Within Biology, there are some biological terms that differ in spelling between the British English and American English dictionaries. For example, oestrogen and oesophagus, as well as the word oestriol are all spelled differently in British English dictionaries. Is there anything in particular that makes this so?
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The word oestrogen comes from the Latin word oestrus, and oesophagus is a Latin word as well.
The oe spelling in Latin originally represented a diphthong [oj] ("oy"), but then later (in Latin) became a long vowel [ee]. When we borrowed such words into English, it was pronounced more like [i], [e], or [ɛ] (depending on the word), following English pronunciation rules.
And since we pronounce them like "estrogen" and "esophagus", the US English spelling was changed to reflect the English pronunciation more closely, by dropping the o. In British English, the connection to the original Latin spelling was retained.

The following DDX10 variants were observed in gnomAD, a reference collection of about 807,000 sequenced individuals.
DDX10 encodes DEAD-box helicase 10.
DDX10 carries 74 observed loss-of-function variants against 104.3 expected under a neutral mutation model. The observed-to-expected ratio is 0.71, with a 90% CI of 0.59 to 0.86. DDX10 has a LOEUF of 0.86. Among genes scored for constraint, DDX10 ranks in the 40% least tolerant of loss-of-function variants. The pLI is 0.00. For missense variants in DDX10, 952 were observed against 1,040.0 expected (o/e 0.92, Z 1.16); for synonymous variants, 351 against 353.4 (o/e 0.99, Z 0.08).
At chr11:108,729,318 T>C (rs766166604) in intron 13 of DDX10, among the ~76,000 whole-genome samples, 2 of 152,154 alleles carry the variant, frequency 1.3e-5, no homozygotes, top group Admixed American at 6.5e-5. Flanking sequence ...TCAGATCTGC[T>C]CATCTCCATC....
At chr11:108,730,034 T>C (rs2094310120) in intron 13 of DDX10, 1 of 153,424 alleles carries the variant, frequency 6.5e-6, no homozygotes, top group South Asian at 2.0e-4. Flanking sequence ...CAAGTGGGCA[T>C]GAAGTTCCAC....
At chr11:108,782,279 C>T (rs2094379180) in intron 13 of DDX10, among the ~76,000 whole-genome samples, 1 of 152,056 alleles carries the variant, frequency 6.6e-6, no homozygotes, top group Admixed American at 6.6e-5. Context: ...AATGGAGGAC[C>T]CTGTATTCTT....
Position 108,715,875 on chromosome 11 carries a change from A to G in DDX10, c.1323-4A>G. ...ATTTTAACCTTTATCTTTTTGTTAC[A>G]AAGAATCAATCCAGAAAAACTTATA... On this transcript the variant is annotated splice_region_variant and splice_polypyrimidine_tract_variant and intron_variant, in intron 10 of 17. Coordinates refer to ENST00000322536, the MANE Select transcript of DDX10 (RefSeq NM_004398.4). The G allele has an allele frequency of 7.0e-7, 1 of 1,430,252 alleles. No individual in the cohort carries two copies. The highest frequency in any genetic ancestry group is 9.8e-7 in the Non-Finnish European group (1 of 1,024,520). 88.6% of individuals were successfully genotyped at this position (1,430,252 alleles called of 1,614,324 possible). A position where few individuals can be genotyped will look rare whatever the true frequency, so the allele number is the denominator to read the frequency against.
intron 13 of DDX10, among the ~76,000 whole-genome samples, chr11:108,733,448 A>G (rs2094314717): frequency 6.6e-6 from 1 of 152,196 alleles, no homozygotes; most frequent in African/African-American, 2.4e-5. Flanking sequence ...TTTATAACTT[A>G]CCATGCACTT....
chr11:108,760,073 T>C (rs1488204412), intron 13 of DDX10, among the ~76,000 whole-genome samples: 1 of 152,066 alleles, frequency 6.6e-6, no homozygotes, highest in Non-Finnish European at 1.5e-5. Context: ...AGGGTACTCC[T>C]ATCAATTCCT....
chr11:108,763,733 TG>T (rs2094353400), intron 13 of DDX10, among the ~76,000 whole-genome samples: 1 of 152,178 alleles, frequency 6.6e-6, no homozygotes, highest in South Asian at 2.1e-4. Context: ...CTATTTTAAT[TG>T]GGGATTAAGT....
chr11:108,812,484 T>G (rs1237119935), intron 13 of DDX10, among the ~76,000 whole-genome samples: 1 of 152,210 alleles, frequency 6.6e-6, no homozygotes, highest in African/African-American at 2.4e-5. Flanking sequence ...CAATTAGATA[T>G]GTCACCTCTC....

(Something similar to this happened with, e.g., encyclopaedia (British) / encyclopedia (US).)
The person most credited with these systematic changes in American spelling is Noah Webster. He developed and published the first complete American English dictionary about 200 years ago. He was a believer in spelling according to sound and consequently removed a number of silent letters. He also changed "s" to "z" in certain words (realise" to "realize" e.g.) And finally, he changed the "-re" ending found in French-derived nouns to "-er". ("theatre"-"theater")
protected by Mari-Lou A Mar 30 at 7:40
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